Director: Craig R. Baxley
Notable Cast: Dolph Lundgren, Brian Benben, Betsy Brantley
While Dolph Lundgren's career might have been a bit hit or miss to this point, there was a time when he showed massive potential as a lead in the late 80s and early 90s. This period contains the massively overlooked and awesomely cheesy "Dark Angel" or as it was known in the US "I Come In Peace." While this is the kind of film that might not appeal to everyone with its over the top concept and cheesy demeanor, for anyone that loves 80s style action then "Dark Angel" is a must see kind of flick. It's silly, gritty, and has an endless supply fire ball explosions. It's everything that one could want in a B-grade action film.
Plot wise, "Dark Angel" is an utterly wacky sci-fi spin on the classic 80s buddy cop flick. This time we get the renegade 'don't-play-the-rules' cop played by Dolph Lundgren and his substantially shorter and tight FBI partner (who's played with strong comedic effect by Brian Benben) as they try to track down a load of stolen heroin. The problem is that, despite their well timed bickering and differences of opinion on how to do things, this drug was stolen by intergalactic drug dealers. Chaos ensues, explosions happen, Dolph's hair gets spikier...it just goes nuts.
|Dolph circa 1990 hair.|
While their are certainly some problems to this plot and story, including the fact that the aliens and our two heroes seemingly have unrelated plots until about two-thirds of the way through the film, "Dark Angel" does some pretty awesome things for its limited budget that twists in some fun cliches and some ridiculous moments. Firstly, Baxley creates a great gritty atmosphere that works in juxtaposition to some of the lighter elements of the film. At times it feels almost like a graphic novel based sort of style with the hulking tall aliens and their white eyes and the dark streets lit up with massive fireball explosions. Tonally, it's a carry over from the 80s and its great at it.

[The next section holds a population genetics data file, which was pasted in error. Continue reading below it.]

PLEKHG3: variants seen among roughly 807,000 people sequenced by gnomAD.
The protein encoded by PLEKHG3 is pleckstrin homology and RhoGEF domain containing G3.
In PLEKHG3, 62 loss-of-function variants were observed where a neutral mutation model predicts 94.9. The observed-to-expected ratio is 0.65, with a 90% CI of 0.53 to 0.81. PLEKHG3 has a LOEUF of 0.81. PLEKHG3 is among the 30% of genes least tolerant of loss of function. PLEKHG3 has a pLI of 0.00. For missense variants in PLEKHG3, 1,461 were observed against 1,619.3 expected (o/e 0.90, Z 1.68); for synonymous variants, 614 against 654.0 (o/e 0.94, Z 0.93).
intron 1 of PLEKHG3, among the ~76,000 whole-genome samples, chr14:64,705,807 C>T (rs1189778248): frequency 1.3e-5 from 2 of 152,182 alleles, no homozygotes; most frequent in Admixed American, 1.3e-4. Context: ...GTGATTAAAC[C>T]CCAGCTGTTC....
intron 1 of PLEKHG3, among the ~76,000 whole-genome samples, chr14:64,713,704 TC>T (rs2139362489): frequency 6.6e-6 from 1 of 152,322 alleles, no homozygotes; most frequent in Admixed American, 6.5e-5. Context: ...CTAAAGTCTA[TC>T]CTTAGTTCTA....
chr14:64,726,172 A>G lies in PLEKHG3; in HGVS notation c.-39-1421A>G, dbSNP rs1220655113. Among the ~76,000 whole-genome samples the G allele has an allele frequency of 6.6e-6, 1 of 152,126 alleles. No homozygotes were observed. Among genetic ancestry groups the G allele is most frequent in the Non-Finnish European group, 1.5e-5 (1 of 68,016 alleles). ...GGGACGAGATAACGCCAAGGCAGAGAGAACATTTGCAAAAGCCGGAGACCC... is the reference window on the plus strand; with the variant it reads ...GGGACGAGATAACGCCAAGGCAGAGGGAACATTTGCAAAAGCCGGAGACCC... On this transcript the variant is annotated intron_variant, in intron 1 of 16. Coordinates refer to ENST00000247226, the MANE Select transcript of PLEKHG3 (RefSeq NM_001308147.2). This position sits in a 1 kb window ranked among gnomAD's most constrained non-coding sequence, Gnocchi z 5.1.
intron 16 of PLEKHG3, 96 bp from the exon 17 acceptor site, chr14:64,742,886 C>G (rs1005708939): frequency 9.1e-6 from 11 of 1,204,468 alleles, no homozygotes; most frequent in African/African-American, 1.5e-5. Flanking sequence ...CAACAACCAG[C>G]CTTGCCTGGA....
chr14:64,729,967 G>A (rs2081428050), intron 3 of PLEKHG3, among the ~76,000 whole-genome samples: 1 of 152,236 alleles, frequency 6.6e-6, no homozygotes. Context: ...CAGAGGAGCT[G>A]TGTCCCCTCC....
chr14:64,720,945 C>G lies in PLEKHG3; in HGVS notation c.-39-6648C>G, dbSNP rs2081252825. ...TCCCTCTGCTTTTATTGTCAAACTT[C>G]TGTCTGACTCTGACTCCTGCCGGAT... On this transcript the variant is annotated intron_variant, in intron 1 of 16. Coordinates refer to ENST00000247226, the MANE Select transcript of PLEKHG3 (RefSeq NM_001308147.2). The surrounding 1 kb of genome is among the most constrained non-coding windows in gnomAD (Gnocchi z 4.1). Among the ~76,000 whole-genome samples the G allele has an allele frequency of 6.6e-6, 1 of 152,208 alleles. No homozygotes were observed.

|"I come in peace."|
Secondly, "Dark Angel" truly balances itself well. There is enough character work and arcs to get you invested into the characters, even if they are cliche, and the combination of science fiction and action make for some great set pieces to utilize the talents of all involved. In fact, this film might have more explosions then most of the actions films in the last year combined. Even the comedic beats are well timed to add to the entire silly experience of the film. Where else can you find a movie where the villain shoots throat slashing CDs or Dolph spouts of lines like "Either you're Santa Claus or you're dead, pal!"
|Great chemistry makes up for poor dialogue in many scenes...including the counting joke.|
"Dark Angel" isn't all fun and games though and any self respecting film critic can plainly see the film's flaws. As previously mentioned, the film takes quite some time to get the two main plots to come together and in the mean time tends to have various subplots that mean little in the way of adding to the story. We have a dead partner in the opening sequence who is quickly forgotten, there is an entire subplot about white collar drug dealers and money men that pops up randomly, and our romantic thread is bare thin at best. Even the acting, outside of some fun bits, is fairly run of the mill. Dolph, for all of his charm, struggles with anything more than one liners and action bits and our villain ends up being far more funny than scary. "Dark Angel" isn't going to be redefining the genre by a long shot.
If you're not willing to buy into the cheesy portions of the film, you won't enjoy hardly any of this film. It is, generally speaking, a B-film, but it's a fine addition to any collector's treasure trove of B-films. It's entertaining as hell with its crazy one liners and ridiculous amounts of action even if it struggles with some cliches and underdeveloped subplots. "Dark Angel" is definitely a film for cult film fans.
Written By Matt Reifschneider